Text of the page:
Brian Chin -- Stifel, Nicolaus & Company -- Analyst

Okay. Makes sense. And maybe one last other quick follow-up, in terms of going back to sort of the commentary around modulation of revenues and segments, at a high level across the semi industry it's harder in some areas and others, but there is some ability to sort of meet wafer demand. Some areas of maybe advanced, some areas of mature nodes and you guys play more in the advanced area. But based on that those sorts of wafer constraints for upstream for you guys, do you see that playing into -- in anyway playing in the modulation of your revenue as we kind of walk through this year?

Mike Slessor -- President and Chief Executive Officer

That's a tricky one. I think, if you think about it from a bottoms-up perspective, for sure, there are individual designs with individual customers, they get pulled in or pushed out depending on the priority calls they make with respect to the overall capacity they're able to secure. And so at a -- at an individual design level, you see that it work every day as our mix shifts around in the factory. But part of our strategy, again, has been to try and be exposed to so many of those different drivers that they essentially all average themselves out through the diversification of our business across all of the different puts and takes in the industry.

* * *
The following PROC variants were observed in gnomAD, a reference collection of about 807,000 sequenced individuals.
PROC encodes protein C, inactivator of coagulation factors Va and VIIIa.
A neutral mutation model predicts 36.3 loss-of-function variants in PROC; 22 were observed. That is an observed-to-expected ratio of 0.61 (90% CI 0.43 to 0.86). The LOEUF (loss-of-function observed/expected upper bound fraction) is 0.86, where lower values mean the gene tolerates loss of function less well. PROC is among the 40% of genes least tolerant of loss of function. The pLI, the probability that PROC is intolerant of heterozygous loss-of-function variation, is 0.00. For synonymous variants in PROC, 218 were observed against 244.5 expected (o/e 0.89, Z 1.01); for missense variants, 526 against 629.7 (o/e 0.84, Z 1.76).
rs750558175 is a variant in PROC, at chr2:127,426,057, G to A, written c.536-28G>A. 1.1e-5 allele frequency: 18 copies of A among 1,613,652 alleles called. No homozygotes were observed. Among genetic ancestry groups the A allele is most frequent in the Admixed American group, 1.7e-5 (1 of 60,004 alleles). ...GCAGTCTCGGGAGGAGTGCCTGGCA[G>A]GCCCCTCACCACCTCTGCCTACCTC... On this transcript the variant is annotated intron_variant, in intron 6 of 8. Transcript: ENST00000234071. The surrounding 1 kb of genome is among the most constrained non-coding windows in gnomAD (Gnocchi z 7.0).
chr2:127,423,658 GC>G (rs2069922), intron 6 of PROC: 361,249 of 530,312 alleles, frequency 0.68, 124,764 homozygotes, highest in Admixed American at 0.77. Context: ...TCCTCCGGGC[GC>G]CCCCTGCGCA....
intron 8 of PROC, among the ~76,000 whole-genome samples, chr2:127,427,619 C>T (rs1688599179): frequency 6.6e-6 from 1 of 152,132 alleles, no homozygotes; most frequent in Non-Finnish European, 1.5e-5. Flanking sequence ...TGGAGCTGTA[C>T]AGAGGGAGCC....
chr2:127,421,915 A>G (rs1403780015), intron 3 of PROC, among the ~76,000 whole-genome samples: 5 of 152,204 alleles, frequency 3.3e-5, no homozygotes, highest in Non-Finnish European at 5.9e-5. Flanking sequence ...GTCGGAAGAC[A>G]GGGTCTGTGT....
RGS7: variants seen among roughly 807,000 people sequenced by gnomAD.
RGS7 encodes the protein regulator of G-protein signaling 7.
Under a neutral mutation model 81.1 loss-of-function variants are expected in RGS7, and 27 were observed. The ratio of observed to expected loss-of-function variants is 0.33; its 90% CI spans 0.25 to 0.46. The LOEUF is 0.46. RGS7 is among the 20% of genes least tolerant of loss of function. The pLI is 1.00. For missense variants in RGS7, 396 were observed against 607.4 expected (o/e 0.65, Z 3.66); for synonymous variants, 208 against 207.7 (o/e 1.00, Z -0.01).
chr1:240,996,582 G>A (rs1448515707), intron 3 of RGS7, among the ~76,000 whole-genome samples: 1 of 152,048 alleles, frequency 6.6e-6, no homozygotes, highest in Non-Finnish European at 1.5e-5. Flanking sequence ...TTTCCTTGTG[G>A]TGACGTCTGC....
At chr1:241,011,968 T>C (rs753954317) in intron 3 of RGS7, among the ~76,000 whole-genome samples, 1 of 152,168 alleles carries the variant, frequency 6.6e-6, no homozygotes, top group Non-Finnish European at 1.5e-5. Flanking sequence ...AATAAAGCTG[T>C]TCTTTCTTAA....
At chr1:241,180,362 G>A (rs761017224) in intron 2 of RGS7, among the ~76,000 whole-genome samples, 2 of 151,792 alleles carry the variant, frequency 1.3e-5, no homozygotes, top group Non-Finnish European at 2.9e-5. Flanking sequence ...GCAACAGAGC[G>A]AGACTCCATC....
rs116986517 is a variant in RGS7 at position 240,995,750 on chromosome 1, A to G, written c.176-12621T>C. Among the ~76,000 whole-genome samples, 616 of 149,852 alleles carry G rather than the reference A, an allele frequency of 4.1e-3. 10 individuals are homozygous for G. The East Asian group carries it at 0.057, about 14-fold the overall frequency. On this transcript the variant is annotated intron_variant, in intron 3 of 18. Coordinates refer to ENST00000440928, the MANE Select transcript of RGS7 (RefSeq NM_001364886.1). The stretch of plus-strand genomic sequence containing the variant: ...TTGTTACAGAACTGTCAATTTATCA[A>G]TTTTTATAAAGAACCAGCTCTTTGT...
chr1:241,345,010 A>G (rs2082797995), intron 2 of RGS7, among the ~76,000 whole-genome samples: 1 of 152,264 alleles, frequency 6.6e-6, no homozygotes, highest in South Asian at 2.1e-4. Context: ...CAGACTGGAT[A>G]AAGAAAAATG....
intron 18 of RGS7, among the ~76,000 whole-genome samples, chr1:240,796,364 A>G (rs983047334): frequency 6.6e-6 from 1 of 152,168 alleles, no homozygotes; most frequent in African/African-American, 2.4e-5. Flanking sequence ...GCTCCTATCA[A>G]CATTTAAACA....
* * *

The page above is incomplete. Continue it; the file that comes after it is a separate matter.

Brian Chin -- Stifel, Nicolaus & Company -- Analyst

Okay. Yeah, great. Thanks for all the answers to the question. Thanks.

Mike Slessor -- President and Chief Executive Officer

No problem. Thanks, Brian.

Operator

Thank you. Our next question comes from the line of David Duley from Steelhead. Your line is now open.

David Duley -- Steelhead Securities -- Analyst

Yeah. Can you hear me?

Mike Slessor -- President and Chief Executive Officer

Yeah, we can hear you, Dave.

David Duley -- Steelhead Securities -- Analyst

Okay. Sorry, I have had some technical issues. I think, in your prepared remarks you talked about NAND qualifications in the first half of this year and ramping up in the second half of the calendar year. Could you just elaborate a little bit more on that? And do you have targets for growing this business now that you seem to be engaged with the broader set of customers?

Mike Slessor -- President and Chief Executive Officer

Yeah. So, I think, I'd characterize the first part of 2021 as planting some seeds, the acquired -- our legacy NAND Flash business, our legacy Flash probe card business, remember, we need to be fairly opportunistic essentially skimming the high end of the opportunities that are available to us, because it really is a higher cost platform and we can't be cost competitive in the real sort of majority of 3D-NAND.